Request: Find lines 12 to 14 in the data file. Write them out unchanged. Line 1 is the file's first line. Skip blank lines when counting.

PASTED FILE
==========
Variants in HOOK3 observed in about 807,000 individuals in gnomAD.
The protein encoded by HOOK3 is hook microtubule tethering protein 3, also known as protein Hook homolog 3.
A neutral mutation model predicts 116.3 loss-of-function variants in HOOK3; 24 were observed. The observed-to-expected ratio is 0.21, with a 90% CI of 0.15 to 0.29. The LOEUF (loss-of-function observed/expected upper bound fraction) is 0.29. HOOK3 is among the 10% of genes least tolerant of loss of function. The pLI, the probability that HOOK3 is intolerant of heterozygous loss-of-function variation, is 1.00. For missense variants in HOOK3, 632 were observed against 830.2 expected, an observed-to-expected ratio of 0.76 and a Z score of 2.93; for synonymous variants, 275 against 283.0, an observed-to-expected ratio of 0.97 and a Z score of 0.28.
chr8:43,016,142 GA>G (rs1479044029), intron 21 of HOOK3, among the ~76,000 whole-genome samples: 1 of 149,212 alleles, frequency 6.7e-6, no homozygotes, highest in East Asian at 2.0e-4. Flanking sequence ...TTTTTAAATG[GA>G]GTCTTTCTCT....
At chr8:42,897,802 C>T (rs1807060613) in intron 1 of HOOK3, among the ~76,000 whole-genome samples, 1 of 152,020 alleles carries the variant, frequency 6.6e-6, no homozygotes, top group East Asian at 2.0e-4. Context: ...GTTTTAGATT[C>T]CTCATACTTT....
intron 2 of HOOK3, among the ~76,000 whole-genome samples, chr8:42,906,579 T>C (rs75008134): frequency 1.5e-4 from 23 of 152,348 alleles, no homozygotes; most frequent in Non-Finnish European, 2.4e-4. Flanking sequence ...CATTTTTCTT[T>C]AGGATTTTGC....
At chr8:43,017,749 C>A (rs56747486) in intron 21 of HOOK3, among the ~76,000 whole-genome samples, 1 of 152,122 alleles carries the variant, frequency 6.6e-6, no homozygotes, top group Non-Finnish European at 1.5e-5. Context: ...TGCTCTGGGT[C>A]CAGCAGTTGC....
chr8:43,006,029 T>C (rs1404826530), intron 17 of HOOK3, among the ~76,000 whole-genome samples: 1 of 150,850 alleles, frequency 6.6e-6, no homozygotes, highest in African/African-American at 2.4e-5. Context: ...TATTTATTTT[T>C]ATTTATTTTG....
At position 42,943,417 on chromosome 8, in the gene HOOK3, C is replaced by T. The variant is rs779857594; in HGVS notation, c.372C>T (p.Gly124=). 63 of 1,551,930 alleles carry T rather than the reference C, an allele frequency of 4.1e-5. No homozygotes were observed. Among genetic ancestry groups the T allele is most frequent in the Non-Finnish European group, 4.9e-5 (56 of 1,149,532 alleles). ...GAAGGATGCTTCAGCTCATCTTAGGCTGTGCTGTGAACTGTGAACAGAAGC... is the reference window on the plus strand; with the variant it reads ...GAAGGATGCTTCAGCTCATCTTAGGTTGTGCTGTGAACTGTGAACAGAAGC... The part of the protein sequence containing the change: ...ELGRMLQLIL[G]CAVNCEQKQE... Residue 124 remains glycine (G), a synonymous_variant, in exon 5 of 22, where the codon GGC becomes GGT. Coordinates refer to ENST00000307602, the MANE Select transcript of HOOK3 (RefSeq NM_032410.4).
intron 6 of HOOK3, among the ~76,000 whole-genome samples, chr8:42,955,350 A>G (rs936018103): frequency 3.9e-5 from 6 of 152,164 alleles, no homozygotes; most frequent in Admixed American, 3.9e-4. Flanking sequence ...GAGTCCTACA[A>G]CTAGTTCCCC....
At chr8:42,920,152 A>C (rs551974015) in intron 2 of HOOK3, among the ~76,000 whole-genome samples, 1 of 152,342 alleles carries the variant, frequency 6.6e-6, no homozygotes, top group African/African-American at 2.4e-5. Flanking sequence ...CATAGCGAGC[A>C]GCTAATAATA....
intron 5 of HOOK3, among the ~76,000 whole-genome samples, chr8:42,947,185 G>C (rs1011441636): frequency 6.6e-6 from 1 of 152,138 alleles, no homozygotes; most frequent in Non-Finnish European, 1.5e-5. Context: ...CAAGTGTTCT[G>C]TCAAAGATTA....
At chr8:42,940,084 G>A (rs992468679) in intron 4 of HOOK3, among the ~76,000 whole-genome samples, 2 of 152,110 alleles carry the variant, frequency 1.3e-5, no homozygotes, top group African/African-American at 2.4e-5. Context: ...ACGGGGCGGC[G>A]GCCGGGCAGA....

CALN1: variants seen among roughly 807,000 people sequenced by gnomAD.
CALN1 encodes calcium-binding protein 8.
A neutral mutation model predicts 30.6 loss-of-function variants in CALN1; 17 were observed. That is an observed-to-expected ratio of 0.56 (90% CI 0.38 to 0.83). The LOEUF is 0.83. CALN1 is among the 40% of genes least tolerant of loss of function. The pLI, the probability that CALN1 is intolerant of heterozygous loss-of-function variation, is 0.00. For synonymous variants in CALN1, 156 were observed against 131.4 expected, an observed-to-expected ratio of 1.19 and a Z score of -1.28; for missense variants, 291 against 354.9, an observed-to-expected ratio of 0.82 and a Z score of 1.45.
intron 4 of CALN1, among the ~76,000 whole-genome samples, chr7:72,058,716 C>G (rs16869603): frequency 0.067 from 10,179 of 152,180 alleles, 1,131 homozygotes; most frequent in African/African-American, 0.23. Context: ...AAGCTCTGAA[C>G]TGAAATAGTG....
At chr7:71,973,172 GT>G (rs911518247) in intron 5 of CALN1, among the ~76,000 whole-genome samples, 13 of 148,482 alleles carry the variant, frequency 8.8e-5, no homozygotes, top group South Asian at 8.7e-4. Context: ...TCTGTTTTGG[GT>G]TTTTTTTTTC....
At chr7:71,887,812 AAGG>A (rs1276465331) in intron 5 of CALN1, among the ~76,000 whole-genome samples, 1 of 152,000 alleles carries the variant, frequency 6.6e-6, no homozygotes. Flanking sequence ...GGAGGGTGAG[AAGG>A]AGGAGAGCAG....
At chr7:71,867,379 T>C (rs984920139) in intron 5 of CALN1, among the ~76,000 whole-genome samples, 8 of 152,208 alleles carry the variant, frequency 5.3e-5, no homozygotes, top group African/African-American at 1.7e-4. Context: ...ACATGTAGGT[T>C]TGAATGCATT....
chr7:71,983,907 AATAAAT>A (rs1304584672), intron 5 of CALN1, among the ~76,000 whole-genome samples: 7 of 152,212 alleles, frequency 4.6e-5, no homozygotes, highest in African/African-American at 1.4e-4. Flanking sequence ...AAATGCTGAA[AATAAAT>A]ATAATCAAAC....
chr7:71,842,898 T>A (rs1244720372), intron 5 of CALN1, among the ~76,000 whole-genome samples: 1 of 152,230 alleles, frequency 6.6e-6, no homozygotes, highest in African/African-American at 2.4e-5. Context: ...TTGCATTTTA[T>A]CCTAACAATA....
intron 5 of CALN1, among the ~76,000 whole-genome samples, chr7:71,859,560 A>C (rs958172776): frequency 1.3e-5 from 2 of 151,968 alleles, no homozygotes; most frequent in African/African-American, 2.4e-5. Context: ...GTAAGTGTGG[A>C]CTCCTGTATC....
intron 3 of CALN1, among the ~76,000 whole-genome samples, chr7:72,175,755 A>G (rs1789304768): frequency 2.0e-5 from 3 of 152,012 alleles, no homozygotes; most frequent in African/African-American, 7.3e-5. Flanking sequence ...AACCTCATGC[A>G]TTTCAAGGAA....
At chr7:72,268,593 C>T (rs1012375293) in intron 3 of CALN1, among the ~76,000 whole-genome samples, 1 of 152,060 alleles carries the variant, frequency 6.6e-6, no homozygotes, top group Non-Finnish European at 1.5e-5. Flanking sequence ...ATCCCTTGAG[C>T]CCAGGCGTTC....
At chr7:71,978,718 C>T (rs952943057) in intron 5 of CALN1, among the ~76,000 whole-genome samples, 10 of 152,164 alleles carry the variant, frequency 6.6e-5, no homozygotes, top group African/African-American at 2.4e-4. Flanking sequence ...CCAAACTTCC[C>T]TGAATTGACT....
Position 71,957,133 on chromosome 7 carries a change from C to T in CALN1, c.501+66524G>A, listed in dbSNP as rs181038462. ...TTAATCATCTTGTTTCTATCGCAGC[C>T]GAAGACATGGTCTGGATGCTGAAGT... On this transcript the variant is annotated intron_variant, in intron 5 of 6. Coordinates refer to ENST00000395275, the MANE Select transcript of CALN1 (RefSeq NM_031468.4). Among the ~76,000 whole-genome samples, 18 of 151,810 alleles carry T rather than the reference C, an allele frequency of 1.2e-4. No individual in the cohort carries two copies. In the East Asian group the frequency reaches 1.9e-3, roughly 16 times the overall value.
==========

intron 5 of HOOK3, among the ~76,000 whole-genome samples, chr8:42,947,185 G>C (rs1011441636): frequency 6.6e-6 from 1 of 152,138 alleles, no homozygotes; most frequent in Non-Finnish European, 1.5e-5. Context: ...CAAGTGTTCT[G>C]TCAAAGATTA....
At chr8:42,940,084 G>A (rs992468679) in intron 4 of HOOK3, among the ~76,000 whole-genome samples, 2 of 152,110 alleles carry the variant, frequency 1.3e-5, no homozygotes, top group African/African-American at 2.4e-5. Context: ...ACGGGGCGGC[G>A]GCCGGGCAGA....

CALN1: variants seen among roughly 807,000 people sequenced by gnomAD.